Police officers can obtain warrants, arrest suspects and enforce laws, whereas private investigators do not have those privileges.
Considered “ordinary citizens,” private investigators are not public employees. Instead, they typically work for investigation service companies, insurance companies, lawyers, or governments.
A private investigator’s typical purpose is to conduct surveillance and interviews, gather information, search records, and collect evidence to be presented in a court. In addition, they often perform background checks on people to confirm identification. They are fact finders, delving into people’s personal, financial and/or legal matters.
You’d call a private investigator, for example, if you suspected your spouse was cheating and you wanted to get pictures showing that to be true. Or, if you owned a business and suspected an employee was stealing money from you, a private investigator could help in that situation.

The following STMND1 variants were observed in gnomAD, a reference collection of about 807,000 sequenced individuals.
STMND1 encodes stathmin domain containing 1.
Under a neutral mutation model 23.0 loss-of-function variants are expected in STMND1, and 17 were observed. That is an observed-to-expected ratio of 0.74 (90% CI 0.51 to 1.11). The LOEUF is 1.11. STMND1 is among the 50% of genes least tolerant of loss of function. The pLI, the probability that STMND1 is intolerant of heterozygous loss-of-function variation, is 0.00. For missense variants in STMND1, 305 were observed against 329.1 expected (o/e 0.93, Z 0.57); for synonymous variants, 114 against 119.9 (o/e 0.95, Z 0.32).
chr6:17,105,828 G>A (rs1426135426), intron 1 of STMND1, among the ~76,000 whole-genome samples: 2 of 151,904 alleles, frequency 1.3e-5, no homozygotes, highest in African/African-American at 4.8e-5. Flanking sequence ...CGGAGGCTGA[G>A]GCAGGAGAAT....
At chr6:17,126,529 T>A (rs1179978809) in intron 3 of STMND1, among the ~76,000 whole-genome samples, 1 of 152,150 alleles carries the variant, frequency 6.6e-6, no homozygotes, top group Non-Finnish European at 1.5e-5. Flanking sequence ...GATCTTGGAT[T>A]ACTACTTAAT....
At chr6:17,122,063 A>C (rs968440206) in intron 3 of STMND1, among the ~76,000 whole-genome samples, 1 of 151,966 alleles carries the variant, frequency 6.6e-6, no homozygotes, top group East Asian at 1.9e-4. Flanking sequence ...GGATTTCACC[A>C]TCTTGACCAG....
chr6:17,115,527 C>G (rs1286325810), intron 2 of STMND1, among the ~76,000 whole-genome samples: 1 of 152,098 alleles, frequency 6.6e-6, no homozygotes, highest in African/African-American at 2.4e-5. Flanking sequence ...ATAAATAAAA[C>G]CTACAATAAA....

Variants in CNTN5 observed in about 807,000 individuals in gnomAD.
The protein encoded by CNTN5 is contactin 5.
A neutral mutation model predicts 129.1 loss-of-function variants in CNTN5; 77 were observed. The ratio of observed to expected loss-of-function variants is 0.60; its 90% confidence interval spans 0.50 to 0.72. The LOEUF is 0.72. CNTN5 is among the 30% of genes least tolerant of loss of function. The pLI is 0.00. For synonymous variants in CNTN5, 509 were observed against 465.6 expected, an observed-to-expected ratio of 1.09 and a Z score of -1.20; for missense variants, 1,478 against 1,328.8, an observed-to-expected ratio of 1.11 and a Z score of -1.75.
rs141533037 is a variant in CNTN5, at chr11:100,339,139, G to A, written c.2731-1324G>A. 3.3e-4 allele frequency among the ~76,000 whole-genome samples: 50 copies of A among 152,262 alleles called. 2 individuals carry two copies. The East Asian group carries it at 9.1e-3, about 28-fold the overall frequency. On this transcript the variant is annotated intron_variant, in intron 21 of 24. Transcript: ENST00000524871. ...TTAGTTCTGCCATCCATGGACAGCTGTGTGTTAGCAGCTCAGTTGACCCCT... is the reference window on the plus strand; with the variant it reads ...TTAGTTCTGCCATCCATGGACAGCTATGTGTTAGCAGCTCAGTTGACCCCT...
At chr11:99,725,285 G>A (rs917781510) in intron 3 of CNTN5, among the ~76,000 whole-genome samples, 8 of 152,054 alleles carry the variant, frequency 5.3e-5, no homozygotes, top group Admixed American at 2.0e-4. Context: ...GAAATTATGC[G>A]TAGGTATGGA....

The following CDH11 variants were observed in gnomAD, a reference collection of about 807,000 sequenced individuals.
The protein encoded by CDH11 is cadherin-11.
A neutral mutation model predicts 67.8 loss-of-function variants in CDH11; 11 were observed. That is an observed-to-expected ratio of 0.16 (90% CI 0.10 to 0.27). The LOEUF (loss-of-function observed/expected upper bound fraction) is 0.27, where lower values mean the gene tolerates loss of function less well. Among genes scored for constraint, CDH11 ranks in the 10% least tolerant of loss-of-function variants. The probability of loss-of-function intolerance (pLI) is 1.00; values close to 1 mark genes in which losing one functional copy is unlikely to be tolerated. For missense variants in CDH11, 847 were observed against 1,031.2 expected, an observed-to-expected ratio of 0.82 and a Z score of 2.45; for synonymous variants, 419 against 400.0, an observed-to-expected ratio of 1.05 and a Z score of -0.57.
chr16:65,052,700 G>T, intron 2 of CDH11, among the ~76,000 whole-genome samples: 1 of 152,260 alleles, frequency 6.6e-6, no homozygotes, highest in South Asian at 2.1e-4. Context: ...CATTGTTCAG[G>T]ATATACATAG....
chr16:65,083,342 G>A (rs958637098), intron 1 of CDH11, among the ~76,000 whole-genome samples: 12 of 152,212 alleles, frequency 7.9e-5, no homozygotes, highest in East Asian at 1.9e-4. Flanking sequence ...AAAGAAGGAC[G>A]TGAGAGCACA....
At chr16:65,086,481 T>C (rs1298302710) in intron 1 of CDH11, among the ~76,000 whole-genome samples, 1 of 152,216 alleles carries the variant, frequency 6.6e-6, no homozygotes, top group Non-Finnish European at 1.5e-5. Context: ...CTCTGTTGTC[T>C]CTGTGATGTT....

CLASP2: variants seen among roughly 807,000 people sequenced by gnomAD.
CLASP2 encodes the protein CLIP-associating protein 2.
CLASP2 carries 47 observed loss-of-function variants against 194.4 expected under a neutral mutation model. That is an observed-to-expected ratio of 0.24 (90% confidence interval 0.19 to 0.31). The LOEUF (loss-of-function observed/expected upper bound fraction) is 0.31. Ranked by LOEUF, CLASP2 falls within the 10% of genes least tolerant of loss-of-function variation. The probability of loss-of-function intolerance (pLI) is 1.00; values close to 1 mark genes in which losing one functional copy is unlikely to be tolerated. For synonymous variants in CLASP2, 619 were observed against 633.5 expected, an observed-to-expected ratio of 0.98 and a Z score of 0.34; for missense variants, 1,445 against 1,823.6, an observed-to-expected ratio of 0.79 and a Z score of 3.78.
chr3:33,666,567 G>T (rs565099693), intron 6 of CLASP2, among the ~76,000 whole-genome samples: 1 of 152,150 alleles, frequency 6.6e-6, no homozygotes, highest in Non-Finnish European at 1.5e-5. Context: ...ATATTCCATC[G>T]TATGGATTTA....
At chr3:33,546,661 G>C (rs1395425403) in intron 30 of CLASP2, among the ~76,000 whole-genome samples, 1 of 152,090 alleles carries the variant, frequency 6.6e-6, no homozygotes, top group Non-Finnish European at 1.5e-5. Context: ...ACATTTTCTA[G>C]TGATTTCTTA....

If private investigators are information finders, police officers are law enforcers. When a person is breaking a law, a police officer has the power to issue them a ticket, chase them with a gun, and/or handcuff ‘em and take them to a holding center/jail.
The main thing private investigators and police officers have in common is that they both need to understand how to collect evidence so that’s it’s admissible and usable in court.
In Pittsburgh, Specialty Private Investigators, Inc. has helped clients obtain the information they need for their various cases. Prepared reports are court-ready and have, in the past, proved vital to client cases involving fraud, child custody, and divorce. Should you need facts gathered by a professional private investigator, call Specialty Private Investigators at 412-650-8550 today.